Association between lower respiratory tract symptoms and falls in peak expiratory flow in children

Clough, J.B. and Sly, P.D. (1995) Association between lower respiratory tract symptoms and falls in peak expiratory flow in children. European Respiratory Journal, 8 5: 718-722. doi:10.1183/09031936.95.08050718

Author Clough, J.B.
Sly, P.D.
Title Association between lower respiratory tract symptoms and falls in peak expiratory flow in children
Journal name European Respiratory Journal   Check publisher's open access policy
ISSN 0903-1936
Publication date 1995-05
Sub-type Article (original research)
DOI 10.1183/09031936.95.08050718
Volume 8
Issue 5
Start page 718
End page 722
Total pages 5
Place of publication Lausanne, Switzerland
Publisher European Respiratory Society
Language eng
Abstract Peak expiratory flow (PEF) measurements are increasingly recommended in childhood asthma management. However, few data are available on the temporal relationship between the onset of upper and lower respiratory tract symptoms and significant falls in PEF. We wanted to determine whether falls in PEF constitute a sensitive marker for clinical episodes of respiratory morbidity. We therefore analysed data on daily PEF and respiratory symptom recording from a 12 month longitudinal study in 192 children aged 7 and 8 yrs with current respiratory symptoms. Outcome measures were number of and relationship between: 1) episodes of fall in PEF (defined as a fall in PEF for more than 2 days to <1.5 SD below individual mean morning PEF); and 2) upper and lower respiratory tract symptom events (defined as a respiratory symptom score of >3 units within three consecutive days). One hundred and eighty six of the 192 children completed the study. For the group as a whole, the mean number of PEF episodes per subject was 3.5, and the mean number of symptom events 8.9, with 29% of symptom events being temporally associated with a PEF episode, and 40% of PEF episodes not being accompanied by a symptom event. Forty nine percent of PEF episodes were preceded by at least two consecutive days of either upper or lower respiratory symptoms. We conclude that falls in PEF alone were not a sensitive marker for episodes of respiratory morbidity. On almost half of the occasions where PEF did fall, morbidity could have been detected at least 2 days earlier using symptom reporting. A combination of PEF measurement and symptom reporting should be used to identify exacerbations of asthma morbidity in children.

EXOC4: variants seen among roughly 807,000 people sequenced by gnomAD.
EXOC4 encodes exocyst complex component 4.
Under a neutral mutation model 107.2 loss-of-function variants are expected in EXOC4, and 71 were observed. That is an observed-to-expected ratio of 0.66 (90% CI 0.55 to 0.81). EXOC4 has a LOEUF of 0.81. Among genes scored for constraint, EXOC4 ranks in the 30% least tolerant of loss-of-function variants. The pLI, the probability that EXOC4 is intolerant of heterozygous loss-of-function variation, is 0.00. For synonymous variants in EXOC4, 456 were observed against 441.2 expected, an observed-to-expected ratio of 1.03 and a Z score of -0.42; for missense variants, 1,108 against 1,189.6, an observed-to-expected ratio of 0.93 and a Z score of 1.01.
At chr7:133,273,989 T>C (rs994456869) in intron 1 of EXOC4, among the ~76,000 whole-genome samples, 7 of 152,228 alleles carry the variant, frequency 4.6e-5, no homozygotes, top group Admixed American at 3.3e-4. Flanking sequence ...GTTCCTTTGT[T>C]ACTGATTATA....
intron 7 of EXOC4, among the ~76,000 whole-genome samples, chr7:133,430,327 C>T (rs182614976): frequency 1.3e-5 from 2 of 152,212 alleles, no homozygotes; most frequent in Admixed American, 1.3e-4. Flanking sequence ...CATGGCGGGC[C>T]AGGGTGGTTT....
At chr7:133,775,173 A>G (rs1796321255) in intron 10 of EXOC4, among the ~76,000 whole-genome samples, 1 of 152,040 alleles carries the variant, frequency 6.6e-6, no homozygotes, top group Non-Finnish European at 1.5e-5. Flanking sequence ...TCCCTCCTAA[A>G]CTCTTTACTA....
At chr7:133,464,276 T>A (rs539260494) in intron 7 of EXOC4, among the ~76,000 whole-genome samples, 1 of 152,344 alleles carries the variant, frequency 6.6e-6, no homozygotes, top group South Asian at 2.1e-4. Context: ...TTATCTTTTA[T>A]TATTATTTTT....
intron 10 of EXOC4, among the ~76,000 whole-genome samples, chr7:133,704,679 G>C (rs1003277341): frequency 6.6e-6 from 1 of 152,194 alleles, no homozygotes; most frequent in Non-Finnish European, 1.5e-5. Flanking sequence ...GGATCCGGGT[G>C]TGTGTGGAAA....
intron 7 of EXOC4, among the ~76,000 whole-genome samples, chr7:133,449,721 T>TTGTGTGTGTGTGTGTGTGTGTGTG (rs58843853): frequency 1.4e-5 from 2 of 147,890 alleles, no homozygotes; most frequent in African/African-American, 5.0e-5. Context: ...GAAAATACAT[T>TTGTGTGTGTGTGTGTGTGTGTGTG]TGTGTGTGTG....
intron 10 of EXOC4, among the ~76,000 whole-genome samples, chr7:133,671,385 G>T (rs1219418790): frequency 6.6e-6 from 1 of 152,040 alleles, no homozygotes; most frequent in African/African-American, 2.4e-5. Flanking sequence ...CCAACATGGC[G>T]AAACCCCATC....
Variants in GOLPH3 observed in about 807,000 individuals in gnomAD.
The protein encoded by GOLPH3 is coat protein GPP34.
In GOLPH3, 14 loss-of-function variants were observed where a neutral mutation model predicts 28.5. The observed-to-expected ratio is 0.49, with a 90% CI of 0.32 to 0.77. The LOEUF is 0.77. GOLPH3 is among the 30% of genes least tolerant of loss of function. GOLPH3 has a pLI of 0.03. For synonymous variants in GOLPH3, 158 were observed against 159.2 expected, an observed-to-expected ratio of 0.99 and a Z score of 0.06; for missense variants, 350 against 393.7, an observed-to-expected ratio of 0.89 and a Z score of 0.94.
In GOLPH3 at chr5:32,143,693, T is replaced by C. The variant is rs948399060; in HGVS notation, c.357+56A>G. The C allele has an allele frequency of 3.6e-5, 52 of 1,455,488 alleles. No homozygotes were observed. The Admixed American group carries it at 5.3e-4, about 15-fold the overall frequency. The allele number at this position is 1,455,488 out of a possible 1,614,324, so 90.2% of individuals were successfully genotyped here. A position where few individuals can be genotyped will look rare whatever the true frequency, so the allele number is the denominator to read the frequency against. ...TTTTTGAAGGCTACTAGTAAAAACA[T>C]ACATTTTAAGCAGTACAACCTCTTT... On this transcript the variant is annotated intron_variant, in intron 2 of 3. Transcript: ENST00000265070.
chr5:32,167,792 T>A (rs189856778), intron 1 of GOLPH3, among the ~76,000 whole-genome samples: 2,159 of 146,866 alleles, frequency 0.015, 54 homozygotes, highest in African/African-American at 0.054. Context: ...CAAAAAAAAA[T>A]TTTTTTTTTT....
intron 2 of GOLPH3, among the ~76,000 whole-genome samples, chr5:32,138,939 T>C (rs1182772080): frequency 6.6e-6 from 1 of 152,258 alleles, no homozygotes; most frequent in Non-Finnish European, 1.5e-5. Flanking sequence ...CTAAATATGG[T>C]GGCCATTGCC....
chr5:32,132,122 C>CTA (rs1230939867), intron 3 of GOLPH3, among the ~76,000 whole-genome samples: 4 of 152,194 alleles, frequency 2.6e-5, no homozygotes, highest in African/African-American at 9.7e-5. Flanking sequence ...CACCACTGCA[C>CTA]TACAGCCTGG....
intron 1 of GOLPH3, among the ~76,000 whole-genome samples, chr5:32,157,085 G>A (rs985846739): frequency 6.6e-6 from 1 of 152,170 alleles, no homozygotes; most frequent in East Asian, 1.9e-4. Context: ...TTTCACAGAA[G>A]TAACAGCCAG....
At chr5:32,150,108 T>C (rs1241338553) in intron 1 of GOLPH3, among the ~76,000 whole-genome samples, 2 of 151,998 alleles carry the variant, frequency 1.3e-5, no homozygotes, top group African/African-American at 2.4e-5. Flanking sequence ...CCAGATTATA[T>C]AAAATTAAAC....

Keyword Asthma
Peak expiratory flows
Bronchial responsiveness
Q-Index Code C1
Q-Index Status Provisional Code
Institutional Status Non-UQ

Document type: Journal Article
Sub-type: Article (original research)
Collection: School of Medicine Publications
Version Filter Type
Citation counts: TR Web of Science Citation Count  Cited 24 times in Thomson Reuters Web of Science Article | Citations
Scopus Citation Count Cited 0 times in Scopus Article
Google Scholar Search Google Scholar
Created: Wed, 17 Nov 2010, 11:22:21 EST